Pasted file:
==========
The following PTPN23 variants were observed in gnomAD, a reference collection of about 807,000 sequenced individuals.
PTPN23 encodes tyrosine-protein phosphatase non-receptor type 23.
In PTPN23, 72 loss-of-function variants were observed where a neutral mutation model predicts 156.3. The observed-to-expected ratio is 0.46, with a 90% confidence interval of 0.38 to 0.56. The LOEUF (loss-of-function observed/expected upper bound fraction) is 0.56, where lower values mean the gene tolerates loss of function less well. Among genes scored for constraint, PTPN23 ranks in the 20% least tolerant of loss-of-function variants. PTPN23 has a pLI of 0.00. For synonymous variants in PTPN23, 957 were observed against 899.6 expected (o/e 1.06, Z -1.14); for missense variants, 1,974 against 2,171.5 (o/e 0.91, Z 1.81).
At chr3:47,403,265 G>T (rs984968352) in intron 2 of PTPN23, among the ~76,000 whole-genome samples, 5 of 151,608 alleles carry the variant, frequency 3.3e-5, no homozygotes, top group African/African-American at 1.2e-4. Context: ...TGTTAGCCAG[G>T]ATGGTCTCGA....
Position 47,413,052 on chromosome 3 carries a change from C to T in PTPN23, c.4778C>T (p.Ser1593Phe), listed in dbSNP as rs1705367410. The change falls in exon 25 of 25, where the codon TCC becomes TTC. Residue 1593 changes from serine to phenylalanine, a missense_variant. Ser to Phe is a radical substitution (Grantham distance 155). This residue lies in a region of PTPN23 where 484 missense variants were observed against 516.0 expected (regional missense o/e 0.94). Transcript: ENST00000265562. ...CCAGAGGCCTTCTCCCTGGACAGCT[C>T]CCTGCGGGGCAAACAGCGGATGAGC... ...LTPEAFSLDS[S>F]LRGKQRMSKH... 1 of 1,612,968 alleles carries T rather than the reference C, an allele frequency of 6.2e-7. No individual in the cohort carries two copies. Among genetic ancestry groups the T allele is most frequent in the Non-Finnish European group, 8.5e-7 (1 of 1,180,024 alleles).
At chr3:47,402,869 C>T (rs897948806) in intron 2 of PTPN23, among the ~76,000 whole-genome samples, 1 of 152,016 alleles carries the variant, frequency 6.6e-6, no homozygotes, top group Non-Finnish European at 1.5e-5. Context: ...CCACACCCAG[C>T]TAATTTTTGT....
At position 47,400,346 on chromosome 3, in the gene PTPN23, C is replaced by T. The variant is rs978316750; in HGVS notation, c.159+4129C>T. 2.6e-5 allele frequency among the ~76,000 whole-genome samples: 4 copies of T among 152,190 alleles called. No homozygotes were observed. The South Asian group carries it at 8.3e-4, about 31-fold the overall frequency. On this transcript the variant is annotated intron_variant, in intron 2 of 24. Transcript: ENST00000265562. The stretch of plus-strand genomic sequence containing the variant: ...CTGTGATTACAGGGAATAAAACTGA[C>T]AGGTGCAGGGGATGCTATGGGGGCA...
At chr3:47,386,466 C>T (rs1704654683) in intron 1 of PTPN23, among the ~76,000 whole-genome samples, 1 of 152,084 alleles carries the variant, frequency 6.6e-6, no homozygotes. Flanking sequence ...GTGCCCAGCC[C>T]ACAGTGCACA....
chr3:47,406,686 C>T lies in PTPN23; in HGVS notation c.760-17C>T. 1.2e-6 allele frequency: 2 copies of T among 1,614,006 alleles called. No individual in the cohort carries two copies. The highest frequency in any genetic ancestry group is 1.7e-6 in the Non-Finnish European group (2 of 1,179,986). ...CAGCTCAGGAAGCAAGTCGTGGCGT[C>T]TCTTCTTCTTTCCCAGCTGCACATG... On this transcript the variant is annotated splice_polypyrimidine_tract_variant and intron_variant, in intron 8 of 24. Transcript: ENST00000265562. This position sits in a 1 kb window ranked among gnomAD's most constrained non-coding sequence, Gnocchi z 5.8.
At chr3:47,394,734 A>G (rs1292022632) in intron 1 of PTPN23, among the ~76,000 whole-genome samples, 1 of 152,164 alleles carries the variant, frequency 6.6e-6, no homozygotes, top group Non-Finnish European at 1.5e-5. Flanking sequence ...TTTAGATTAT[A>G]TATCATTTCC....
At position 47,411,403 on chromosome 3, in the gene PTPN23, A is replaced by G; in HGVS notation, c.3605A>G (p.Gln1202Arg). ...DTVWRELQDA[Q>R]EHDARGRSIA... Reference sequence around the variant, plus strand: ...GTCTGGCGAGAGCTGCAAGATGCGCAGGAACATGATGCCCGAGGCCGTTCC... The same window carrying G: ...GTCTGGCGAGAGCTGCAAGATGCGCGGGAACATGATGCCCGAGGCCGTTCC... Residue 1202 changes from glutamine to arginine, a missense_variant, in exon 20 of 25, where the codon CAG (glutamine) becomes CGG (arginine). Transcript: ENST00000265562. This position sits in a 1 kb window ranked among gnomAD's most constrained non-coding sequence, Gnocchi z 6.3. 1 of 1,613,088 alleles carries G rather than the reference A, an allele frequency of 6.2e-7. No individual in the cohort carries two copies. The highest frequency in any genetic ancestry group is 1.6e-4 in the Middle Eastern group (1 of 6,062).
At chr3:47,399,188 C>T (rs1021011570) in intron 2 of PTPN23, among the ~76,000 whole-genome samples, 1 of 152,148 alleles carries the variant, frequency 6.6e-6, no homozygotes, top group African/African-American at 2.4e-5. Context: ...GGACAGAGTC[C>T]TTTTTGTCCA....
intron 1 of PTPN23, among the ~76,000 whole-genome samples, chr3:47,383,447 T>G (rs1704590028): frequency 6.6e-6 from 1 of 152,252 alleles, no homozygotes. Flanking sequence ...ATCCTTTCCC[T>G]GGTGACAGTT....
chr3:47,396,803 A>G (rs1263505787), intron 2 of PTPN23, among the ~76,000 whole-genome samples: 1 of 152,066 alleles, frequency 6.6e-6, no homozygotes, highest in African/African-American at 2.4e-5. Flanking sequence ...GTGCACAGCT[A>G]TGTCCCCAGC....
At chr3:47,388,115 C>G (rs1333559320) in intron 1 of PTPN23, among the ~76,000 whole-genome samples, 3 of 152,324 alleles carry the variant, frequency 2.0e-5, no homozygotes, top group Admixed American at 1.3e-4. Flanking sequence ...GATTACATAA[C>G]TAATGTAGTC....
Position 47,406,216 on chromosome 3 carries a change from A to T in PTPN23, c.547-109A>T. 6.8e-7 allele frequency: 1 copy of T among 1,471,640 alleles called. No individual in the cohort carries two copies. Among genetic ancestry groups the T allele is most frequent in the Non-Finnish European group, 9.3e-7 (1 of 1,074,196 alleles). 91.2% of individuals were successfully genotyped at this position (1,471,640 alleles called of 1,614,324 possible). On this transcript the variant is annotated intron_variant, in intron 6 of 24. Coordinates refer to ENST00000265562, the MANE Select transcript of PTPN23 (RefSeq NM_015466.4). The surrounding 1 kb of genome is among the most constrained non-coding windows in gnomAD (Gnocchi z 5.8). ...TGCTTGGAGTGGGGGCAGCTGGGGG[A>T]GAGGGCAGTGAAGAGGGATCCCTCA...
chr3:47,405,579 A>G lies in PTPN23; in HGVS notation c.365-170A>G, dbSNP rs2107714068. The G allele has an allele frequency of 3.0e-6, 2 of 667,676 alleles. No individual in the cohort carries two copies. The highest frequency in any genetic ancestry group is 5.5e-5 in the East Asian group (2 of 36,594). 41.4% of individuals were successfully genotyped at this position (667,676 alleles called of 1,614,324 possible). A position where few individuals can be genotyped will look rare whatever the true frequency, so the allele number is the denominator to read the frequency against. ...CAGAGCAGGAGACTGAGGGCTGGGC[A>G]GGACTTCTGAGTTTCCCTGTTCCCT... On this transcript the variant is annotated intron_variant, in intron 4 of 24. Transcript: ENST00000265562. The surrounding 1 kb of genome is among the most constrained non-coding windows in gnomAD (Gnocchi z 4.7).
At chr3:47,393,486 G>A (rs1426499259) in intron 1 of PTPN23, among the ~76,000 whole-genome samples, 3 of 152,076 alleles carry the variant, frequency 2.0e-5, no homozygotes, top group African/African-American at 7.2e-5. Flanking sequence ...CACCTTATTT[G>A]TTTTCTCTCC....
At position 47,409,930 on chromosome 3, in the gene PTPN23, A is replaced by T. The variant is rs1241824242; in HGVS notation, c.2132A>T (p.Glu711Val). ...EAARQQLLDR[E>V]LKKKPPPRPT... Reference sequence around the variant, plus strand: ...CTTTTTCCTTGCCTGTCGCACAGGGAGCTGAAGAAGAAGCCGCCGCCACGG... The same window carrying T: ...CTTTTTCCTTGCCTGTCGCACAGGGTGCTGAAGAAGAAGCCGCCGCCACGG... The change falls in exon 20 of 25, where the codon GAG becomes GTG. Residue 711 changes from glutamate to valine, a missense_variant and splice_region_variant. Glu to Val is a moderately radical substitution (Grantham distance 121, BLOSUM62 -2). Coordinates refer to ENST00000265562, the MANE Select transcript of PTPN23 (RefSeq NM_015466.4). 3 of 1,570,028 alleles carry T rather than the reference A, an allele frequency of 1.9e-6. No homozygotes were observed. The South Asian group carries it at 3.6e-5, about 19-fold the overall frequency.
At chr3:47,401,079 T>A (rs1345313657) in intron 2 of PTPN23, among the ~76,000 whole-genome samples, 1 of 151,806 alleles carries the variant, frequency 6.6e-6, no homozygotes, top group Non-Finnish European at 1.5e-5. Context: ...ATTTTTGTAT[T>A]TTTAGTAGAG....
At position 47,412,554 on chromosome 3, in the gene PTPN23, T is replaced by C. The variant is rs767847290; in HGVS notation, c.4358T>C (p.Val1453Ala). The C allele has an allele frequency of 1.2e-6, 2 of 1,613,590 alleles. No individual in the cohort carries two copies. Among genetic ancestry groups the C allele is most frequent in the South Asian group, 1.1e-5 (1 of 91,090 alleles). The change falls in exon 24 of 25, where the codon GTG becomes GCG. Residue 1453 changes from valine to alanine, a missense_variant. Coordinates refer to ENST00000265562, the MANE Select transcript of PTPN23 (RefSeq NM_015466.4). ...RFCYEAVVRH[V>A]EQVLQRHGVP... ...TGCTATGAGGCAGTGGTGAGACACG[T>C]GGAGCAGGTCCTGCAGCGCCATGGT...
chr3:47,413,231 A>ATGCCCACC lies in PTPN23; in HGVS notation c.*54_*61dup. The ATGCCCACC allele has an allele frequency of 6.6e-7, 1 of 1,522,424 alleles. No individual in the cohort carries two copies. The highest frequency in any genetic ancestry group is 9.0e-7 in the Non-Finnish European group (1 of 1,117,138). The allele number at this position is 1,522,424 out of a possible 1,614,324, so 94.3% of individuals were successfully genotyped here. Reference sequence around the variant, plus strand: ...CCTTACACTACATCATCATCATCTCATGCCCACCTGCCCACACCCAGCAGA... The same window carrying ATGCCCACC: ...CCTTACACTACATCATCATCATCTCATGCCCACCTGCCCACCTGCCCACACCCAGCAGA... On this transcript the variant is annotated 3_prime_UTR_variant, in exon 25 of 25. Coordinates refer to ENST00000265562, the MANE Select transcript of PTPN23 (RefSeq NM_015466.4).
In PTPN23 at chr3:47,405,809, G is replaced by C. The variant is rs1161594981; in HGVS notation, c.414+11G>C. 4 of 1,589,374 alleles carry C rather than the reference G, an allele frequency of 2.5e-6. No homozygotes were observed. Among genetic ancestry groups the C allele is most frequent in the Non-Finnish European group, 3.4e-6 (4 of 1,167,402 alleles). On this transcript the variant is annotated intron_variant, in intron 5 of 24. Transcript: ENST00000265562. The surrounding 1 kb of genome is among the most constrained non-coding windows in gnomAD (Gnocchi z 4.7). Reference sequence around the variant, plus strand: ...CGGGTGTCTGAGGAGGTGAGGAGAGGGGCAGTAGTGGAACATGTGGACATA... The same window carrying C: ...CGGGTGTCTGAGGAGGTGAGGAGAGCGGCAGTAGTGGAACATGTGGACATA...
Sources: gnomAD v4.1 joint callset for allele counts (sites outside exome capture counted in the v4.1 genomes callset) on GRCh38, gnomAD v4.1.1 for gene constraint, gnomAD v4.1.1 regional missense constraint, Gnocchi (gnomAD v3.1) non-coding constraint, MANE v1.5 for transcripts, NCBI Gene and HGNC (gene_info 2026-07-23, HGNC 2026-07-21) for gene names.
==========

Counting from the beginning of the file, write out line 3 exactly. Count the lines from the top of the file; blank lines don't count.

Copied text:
In PTPN23, 72 loss-of-function variants were observed where a neutral mutation model predicts 156.3. The observed-to-expected ratio is 0.46, with a 90% confidence interval of 0.38 to 0.56. The LOEUF (loss-of-function observed/expected upper bound fraction) is 0.56, where lower values mean the gene tolerates loss of function less well. Among genes scored for constraint, PTPN23 ranks in the 20% least tolerant of loss-of-function variants. PTPN23 has a pLI of 0.00. For synonymous variants in PTPN23, 957 were observed against 899.6 expected (o/e 1.06, Z -1.14); for missense variants, 1,974 against 2,171.5 (o/e 0.91, Z 1.81).